The ketogenic diet contains a high ratio of fat to carbohydrate plus protein. Most of the calories are provided as fats, using butter and heavy cream. Seizure control is greatest when the diet contains a ratio of fat calories to protein/carbohydrate calories of 3 or 4:1. A typical meal might consist of a very small portion of meat, fish, poultry, or cheese, a slightly larger portion of fruit, additional fat served as butter or mayonnaise, and a serving of heavy (whipping type) cream. It doesn’t sound very palatable, does it? It is this perception of the diet as unappealing that has interfered with its more frequent use.
When your child is severely handicapped by seizures and massive amounts of medication, what do you have to lose by trying the diet? Not much! What do you have to gain? If it works, a lot. If it doesn’t, you’ve lost very little other than the time invested in learning how to prepare the diet. If your child is seizure-free and less drugged, then the rigors of the diet are worthwhile. If the child’s seizures continue after one to three months on the diet or if the diet is poorly tolerated, then the diet can be discontinued and the child returned to medication.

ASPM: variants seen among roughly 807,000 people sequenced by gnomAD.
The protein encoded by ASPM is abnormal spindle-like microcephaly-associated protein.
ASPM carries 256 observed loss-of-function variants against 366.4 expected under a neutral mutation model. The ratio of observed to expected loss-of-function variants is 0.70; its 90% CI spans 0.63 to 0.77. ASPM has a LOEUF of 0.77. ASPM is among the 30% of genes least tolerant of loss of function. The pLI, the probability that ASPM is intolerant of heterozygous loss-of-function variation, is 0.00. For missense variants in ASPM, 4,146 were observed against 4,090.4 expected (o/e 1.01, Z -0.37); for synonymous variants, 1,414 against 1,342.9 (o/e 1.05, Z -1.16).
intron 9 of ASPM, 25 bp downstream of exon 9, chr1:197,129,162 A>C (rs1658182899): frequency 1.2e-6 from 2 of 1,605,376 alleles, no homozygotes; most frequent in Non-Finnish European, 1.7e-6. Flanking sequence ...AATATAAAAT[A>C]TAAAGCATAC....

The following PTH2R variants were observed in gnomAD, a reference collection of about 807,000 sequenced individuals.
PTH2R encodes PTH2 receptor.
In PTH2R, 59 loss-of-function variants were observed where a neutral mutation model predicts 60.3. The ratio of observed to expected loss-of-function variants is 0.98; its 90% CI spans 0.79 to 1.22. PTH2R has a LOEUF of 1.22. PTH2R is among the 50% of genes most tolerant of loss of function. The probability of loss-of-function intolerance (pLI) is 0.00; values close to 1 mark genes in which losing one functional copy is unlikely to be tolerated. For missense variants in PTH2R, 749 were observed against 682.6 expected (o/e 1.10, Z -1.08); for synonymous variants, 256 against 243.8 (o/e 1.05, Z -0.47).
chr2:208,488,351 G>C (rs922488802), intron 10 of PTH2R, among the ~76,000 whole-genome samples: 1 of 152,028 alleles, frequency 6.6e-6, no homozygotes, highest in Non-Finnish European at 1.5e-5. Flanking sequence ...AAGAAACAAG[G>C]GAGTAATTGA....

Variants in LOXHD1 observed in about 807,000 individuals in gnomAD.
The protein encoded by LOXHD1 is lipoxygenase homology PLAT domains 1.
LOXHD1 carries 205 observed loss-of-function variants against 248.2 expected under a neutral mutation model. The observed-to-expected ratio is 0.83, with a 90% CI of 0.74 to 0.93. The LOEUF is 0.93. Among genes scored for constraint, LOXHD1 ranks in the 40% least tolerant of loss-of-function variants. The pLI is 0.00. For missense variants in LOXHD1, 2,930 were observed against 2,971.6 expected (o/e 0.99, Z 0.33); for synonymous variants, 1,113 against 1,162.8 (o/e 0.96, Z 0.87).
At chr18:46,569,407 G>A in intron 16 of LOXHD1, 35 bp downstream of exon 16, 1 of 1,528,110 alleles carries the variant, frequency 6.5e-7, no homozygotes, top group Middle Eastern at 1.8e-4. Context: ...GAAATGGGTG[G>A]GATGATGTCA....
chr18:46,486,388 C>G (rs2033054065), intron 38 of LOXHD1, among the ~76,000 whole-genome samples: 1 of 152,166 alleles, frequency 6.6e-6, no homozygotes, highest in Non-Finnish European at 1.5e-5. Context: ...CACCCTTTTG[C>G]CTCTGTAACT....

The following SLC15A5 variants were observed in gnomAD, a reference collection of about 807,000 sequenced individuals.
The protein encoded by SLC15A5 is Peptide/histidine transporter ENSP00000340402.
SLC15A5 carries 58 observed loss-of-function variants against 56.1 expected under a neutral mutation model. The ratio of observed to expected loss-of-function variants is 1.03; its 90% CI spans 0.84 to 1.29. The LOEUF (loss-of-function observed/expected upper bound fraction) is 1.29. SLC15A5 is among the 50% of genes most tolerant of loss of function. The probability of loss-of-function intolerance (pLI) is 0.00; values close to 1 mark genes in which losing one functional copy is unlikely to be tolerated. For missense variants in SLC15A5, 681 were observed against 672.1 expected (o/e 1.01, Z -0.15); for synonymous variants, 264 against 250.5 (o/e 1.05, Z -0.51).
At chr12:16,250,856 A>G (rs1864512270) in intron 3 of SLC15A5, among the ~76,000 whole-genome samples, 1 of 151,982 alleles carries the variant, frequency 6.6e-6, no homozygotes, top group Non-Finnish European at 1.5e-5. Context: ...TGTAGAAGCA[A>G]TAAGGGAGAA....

The diet is initiated with several days of starvation and limited fluid intake. The child should be carefully observed during this time for signs of hypoglycemia (low blood sugar)—paleness, sweatiness, unresponsiveness, or seizures. When the child is very ketotic (has a lot of ketones in the urine) and has lost about 10 percent of his body weight, one-third of the diet is begun. The diet is increased over the first two to three days. We usually do this in the hospital since this allows us to instruct the parents in diet preparation. Menus can be selected to fit the child’s food preferences. It is surprising how much variety an innovative parent can introduce into this restricted diet.